“Vietnamese dishes are also very regional – my family is from the South, so I grew up only knowing southern cuisine, and I needed to expand my knowledge. I have been to Vietnam over and over again documenting recipes and stories of these wonderful people. To me, food is not just the dish, it’s all about the history, the story, the culture behind it. I had gathered all this information, which is why the book, The Food of Vietnam, is so big – it’s all in there!”
I asked Luke about his restaurants in Sydney. “Red Lantern is essentially authentic Vietnamese cooking but in a restaurantdiningenvironment. Traditionally all the dishes come at once – meat, seafood, salad, vegetable, soup – it all balances out and complements each other, and you eat with rice and you share. At the Red Lantern it’s entrée, second, main course, dessert, wine-matching – authentic recipes but Western presentation. We use the most fantastic local produce: if you have a caramelised snakehead fish recipe and you can’t get snakehead fish, I would use barramundi or perch, so it’s adapting to local produce.
The first restaurant, Red Lantern on Crown, is in an old heritage-listed building, with 40 seats, which I opened when I was very young. It was about putting Vietnamese food out there to Australians. Ten years on I had saved up enough to get something bigger, and that is more Colonial French, because my food has evolved. The more research I did, the more the first Red Lantern has become focused onregional Vietnamese cuisines. Now doing more research again, I am looking at the French influence – they were there for a hundred years, how could they not have an impact? I have been to France to reconfirm the connections, and that will be a new TV show, airing in the UK maybe in January or February. So Red Lantern on Riley is very much ‘Indochine’ style, and there’s a bar called Red Lily that offers Asian cocktails.
“Cooking and food is such a big part of Vietnamese culture, and I don’t want to see it lost, like sumo wrestling is disappearing from Japanese culture. I recently did a series on Masterchef Vietnam purely to put the cuisine on the map, and it did really well because the Vietnamese really love cooking – but not the younger generation. A ‘Masterchef Junior’ just wouldn’t work. Kids don’t want to cook – they don’t know how – and it’s really sad. In Saigon and Ho Chi Minh there are the fast-food outlets now and I think, ‘Oh, no! What’s happening to our world?’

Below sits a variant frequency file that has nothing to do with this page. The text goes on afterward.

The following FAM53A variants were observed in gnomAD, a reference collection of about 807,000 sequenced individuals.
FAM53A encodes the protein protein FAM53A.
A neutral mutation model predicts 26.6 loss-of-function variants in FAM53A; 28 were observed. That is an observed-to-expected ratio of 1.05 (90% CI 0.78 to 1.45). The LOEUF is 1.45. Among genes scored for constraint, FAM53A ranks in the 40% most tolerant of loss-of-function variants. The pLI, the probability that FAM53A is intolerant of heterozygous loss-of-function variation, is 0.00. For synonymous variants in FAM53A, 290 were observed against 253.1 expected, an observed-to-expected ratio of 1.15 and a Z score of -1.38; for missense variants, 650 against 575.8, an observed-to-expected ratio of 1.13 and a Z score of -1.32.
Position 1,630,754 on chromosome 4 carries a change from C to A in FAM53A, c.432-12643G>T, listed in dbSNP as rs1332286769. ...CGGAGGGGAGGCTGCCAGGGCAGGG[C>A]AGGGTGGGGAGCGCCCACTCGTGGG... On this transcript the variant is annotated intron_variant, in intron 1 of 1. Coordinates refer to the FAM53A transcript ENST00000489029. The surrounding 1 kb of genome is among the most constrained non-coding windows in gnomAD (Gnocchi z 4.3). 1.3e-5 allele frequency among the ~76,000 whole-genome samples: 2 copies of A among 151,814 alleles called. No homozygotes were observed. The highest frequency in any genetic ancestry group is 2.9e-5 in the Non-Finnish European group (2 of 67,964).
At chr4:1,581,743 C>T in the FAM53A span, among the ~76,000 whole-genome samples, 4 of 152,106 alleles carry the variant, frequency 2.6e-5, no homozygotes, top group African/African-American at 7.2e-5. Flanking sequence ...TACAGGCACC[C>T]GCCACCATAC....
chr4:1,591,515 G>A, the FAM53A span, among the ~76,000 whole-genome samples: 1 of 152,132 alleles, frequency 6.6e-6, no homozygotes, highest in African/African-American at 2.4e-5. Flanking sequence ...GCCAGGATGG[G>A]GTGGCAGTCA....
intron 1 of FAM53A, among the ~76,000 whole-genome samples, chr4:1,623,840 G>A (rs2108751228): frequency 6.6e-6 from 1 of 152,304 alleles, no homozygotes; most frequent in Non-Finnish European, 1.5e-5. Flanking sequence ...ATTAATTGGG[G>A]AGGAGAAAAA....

“So I really want to urge the younger generation to keep cooking, which is why my inspiration for my food programmes, my books and restaurants is history – traditional, authentic cooking, heritage, there’s nothing molecular or modern about it. It’s showing not just the young generation but my generation how it’s done. How is rice cultivated? How much work goes into it? How are noodles made? How is fish sauce made? It’s so important to understand those things, to keep the traditions alive.
“When I show young chefs our restaurant kitchen, they see someone using a mortar and pestle and ask, ‘Why are you doing that for twenty minutes, when you could just throw it in a food processor?’ Yes, you can, but it will be quite different. There’s nothing like producing your own paste, bringing it all together, incorporating all the flavours – that’s the beauty of slow cooking. It’s a reminder of my family – many aunties getting together in the kitchen, with multiple mortars – it’s the noise, the music. It would be like cooking in a wok without the roar of the flame.”
I asked Luke about his earliest food memories. “My earliest memories are of shopping. My parents had a hole-in-the-wall restaurant; they didn’t care about the décor, it was all about the food. I was told that my job was, say, to go and buy two kilos of chillies. So I’d go out and scoop chillies from the stall until I had two kilos, go home, and my mum would scold me: ‘Did you just scoop them into your bag? Get back out there and choose the best chillies!’ So I learnt to buy 100 grams from this shop, hand-picked, 50 grams from that one, and so on until I had the best two kilos in town. In the same way I learnt to pick green mangoes by smell, feel, colour -it was like an apprenticeship. Then you learn to prepare them and balance the flavours. It’s so important in this cuisine to train the palate, and then you understand.
“Now, I can taste the expertise of the chef, I can tell where he has been trained by the amount of fish sauce he uses, or oyster sauce – things that you cannot learn by reading a recipe. The biggest challenge is the balance of flavour, and learning the elegance of Vietnamese cuisine. The texture is also important – it has to be right, be it crunchy, crispy, silky, soft, gelatinous, glutinous, the elasticity – it’s a big challenge.
“When I go visiting my family in Vietnam, I really want them to cook dishes that their grandmother cooked. I always ask for that, and they think about it, go to the markets (Vietnamese people go to the market two or three times a day), and I see dishes that I have never seen in the streets or in restaurants. I want to see them making things from scratch – it takes a long time, but at least we know how to do it, like making your own tofu, or ricecake flour. I loved doing that – a big pot of boiling water, muslin cloth stretched out, steaming, drying in the sun on a bamboo mat.”
Luke Nguyen has a passion for the flavours, aromas, textures and heritage of Vietnamese food. He conveys the subtleties of dishes and the conviviality of meals. He is a worthy culinary ambassador, and one should not separate the food of Vietnam from its warm and vibrant people.
Interview by Chrissie Walker © 2018